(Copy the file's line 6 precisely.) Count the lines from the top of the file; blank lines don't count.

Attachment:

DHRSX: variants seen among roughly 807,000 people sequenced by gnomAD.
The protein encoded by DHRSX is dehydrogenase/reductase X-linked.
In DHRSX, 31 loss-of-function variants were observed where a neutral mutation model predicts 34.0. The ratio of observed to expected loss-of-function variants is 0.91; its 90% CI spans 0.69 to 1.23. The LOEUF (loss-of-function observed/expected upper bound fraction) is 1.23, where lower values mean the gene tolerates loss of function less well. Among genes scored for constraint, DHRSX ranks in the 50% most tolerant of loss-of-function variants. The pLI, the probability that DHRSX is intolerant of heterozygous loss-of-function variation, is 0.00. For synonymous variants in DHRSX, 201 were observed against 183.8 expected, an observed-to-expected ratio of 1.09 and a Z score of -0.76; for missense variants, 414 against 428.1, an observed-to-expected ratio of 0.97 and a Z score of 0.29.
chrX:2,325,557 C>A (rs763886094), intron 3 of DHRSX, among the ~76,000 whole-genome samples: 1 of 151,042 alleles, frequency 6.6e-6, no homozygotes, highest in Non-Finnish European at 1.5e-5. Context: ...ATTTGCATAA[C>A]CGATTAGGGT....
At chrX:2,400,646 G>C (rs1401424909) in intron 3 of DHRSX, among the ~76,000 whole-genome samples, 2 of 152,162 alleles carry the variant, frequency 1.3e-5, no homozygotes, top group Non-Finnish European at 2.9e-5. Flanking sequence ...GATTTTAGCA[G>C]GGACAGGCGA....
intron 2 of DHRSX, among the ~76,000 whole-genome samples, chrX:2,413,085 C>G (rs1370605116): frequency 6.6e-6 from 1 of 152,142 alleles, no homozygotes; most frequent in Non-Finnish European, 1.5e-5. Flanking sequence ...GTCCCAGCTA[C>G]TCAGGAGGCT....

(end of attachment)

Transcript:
intron 2 of DHRSX, among the ~76,000 whole-genome samples, chrX:2,413,085 C>G (rs1370605116): frequency 6.6e-6 from 1 of 152,142 alleles, no homozygotes; most frequent in Non-Finnish European, 1.5e-5. Flanking sequence ...GTCCCAGCTA[C>G]TCAGGAGGCT....